The battle for the 483kph road-car prize just got real. Ladies and gentlemen, John Hennessey is – once again – going into bat against Bugatti for the title of the world’s fastest car with this: the 1,600bhp Venom F5. Yes, that’s correct: 483kph.
Not that John’s ever lost the title of the world’s fastest car, that is. The Not-Guinness-Certified-But-Still-Chuffing-Quick 1,244bhp, 270.49mph (435.31kph) Hennessey Venom GT is still, technically, the fastest car in the world. Just in one direction.
Bugatti of course, has built a faster car called the Chiron. And is planning a top speed run in 2018. So, not wanting to be Top Trumped, Hennessey is rearming with the F5 to futureproof his pride; a car he’s spent some four years perfecting.
Named after a particularly destructive breed of tornado (not the refresh button on your keyboard), it’s the latest road-legal land rocket to conform to Hennessey’s ‘Minimal Maximus’ philosophy (that’s Texan Latin for big power and lightweight), just with more aero, more tech and, of course, even more power.
Compared with its predecessor, the F5 has made huge advances in aerodynamics – largely from not having to put a Lotus through a mangle. Thanks to being a clean-sheet design – it’s a bespoke, built-from-the-ground-up, carbon-bodied hypercar with a carbon tub – the F5 has a much sleeker front, sculpted and functional rear (to dissipate a lot of heat), trick rear diffuser and completely flat floor that makes it a lot slipperier and pointier than its predecessor.
In fact, everything on the F5 has been vacuum-packed into a silhouette with a drag coefficient of 0.33Cd. The Venom GT had a drag factor of 0.44Cd – meaning it’d need 2,500bhp to hit 483kph. The F5 needs less. But still a lot. 1,600bhp, just so you’re clear.
It all comes from a bespoke 7.4-litre aluminium V8 with two hefty turbos grafted on. Chiron-esque sequential quad-turbos were discussed, but binned for being too heavy. Same story for hybrid powertrains.
“I’m a purist,” Hennessey tells us. “I like simple, elegant functionality, and that’s not a knock against hybrids, but they’re for the big OEMs to do.”
Sitting mid-ship, that monstrous engine sends all its power and 1,763Nm of torque to two very fat, very sticky rear wheels via a seven-speed single-clutch paddle-shift gearbox. If you want a real rodeo, you can spec a manual gearbox, but we’re told that you’ll be fighting with trick GPS-based traction control all the way up to 225kph regardless – so it might be best to have both hands on the steering wheel.
Incorporating active aerodynamics, in Vmax mode, the F5 drops its rear wing and deploys some flaps to plug ducts above the jutting chin spoiler to improve its aero. And the numbers predicted when in maximum attack are monstrous; 0–300kph in under 10secs (that’s quicker than Lewis Hamilton’s F1 car), 0–400kph in under 20secs and a top speed of 484kph. Against the competition? Well, it takes the Chiron 32.6secs to hit 249mph (400kph). The Koenigsegg Agera RS does the same sprint in 26.88secs. The Venom GT did it in 23.6secs. The F5? We’ll, that’s predicted to go sub-20secs. Yowch.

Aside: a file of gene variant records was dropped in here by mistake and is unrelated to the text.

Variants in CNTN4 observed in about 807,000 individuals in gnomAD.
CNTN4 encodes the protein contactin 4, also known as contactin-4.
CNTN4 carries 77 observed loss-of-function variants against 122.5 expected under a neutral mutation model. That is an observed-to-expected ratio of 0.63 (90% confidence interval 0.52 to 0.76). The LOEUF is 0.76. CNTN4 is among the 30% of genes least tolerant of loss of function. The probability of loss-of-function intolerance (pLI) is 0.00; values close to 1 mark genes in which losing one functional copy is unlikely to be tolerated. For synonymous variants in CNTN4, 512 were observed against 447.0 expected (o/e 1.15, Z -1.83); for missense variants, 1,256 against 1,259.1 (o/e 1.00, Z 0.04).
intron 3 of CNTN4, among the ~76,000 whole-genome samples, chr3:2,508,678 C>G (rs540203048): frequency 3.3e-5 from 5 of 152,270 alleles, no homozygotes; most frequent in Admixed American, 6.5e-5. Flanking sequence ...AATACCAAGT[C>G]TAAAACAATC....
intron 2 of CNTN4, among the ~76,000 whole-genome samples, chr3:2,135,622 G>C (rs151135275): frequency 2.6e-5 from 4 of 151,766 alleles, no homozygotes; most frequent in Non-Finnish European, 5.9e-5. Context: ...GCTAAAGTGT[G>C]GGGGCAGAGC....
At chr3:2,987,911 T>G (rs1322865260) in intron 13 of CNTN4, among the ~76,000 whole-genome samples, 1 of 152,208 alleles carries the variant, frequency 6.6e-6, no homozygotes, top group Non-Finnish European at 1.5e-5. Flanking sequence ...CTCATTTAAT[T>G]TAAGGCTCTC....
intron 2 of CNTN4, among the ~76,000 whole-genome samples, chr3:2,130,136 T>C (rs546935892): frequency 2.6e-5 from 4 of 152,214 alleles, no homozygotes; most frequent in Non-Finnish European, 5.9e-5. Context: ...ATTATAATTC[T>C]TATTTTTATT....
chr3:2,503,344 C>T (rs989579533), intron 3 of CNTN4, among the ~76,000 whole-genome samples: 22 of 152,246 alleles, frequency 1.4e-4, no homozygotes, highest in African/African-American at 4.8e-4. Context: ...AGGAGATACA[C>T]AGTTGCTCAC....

But even with chunky Brembo carbon-ceramic brakes, and a significant weight advantage (1,360kg), Hennessey isn’t concerned with getting involved with this new 0–400–0 battle. “I think that’s a number that the guys from Bugatti and Koenigsegg came up with because they couldn’t beat our top speed number.” Meow.
Now, let’s talk tyres. They’re the limiting factor when running at high-speed because the stress loads they’re subjected to is immense. The Veyron had famously expensive (a set of four tyres cost £23,500) Michelin PAX run-flats to go silly fast, but the Chiron has reverted to cheaper, but specially developed Pilot Cup 2 tyres. Hennessey will also use these Michelins (unless another manufacturer wants to make a bespoke tyre) but believes, because the F5 is a lot lighter than Chiron, they’re good for above and beyond 450kph. Possibly 483kph.
“Tyres are a limiting factor for Bugatti,” John says. “But I don’t believe they’re a limiting factor for us. When we do our math, we know that we are not overloading them. We’re not even close to the load specification of the tyres at our speeds.”
Currently, there’s a debate as to how exactly you’ll get in the F5 (via either gullwing, or dihedral doors), but once you are in the cabin, you’re greeted by a much more luxurious environment than the old GT. Using plenty of leather, carbon fibre, Alcantara and an Apple iPad interface, it’s positively plush. And roomy. So roomy in fact, it’ll comfortably house a 6ft 6in NFL player. And that’s not spurious marketing spiel, but a fact – as an NFL player has indeed ordered one. So, he has to fit.
But where Chirons are constructed in the “Atelier”, an automotive art gallery-cum-workshop in Molsheim, France, John’s workshop in Sealy, Texas is where all 24 cars will be produced for a starting price of $1.6 million. However, it won’t be first come, first serve. Instead, you’ll have to apply to be an owner of a car, then John will handpick you as worthy of his creation, and you’ll work your way to boot camp where you can option your car with up to $600k of additional goodies. It’ll then be built sometime in the next three years but first deliveries will start at the beginning of 2019.
You can see the F5 with your own eyes at the SEMA show currently going on in Las Vegas, but two prototypes will begin pounding up and down Texas next year. When a ballsy individual is set to strap themselves into the F5 to attempt the triple ton is still unknown. But, for now, it’s theoretically possible, and John has an extremely annoying habit of hitting the numbers. Let the high-speed games begin…